House Democrats Seek DOJ Records on Police Oversight

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House Democrats have issued a sweeping request for documents related to the Justice Department’s oversight of local police departments to assess the extent to which the agency has abandoned efforts to force reforms under the Trump administration, the Washington Post reports. House Judiciary Committee Chairman Jerrold ­Nadler (D-NY)  requested copies of documents and internal emails related to the department’s handling of consent decrees and “patterns and practices” investigations when federal investigators probe police departments accused of civil rights violations. While the Obama administration, in response to growing concern about police shootings and alleged police misconduct, aggressively pursued such investigations to overhaul troubled departments, the process has been largely abandoned under Trump.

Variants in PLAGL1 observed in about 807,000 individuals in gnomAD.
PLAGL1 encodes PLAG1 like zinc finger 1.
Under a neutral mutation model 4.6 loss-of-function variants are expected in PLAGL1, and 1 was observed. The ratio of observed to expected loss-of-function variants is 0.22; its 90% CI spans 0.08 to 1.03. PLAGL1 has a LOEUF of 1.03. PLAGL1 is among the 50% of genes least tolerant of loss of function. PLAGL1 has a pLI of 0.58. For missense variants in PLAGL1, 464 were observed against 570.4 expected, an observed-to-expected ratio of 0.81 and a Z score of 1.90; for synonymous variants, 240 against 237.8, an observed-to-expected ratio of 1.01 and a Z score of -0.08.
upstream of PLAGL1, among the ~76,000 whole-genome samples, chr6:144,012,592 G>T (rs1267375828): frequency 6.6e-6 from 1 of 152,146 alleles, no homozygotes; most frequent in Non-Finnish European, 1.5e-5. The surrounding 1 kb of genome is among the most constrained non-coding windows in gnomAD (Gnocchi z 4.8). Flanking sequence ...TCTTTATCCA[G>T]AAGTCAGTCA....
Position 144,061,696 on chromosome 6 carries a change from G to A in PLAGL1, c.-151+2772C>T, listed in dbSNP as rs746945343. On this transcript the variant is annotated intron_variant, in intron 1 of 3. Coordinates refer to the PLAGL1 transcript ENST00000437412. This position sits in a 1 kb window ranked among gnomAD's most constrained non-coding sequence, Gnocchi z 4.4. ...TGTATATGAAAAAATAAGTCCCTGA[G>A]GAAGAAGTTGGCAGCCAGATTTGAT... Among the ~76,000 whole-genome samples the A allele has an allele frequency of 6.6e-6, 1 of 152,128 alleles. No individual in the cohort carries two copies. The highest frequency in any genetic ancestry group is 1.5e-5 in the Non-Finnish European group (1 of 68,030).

“Despite continuing concerns from civil rights and community-based organizations, the Department has sharply curtailed its statutory role in identifying and eradicating civil rights abuses by law enforcement,” Nadler wrote. “Excessive force in police-civilian encounters presents a crisis of trust throughout our nation. Changes to Department policy and failure to uphold the law run the risk of undermining federal oversight authority in this space.” During the Obama administration, DOJ opened 25 investigations of local law enforcement agencies — including in Baltimore, Chicago, Cleveland, New Orleans and Ferguson, Mo. — and was enforcing 14 consent decrees and other overhaul agreements. Former Attorney General Jeff Sessions, a longtime critic of the consent-decree process, ordered a review of all existing agreements. In response to Sen. Kamala Harris (D-CA), Attorney General William Barr promised in his first 90 days in office to provide lawmakers with a list of consent decrees the department had withdrawn from since Sessions imposed the policy. He will meet civil rights leaders June 4 to discuss the issue.

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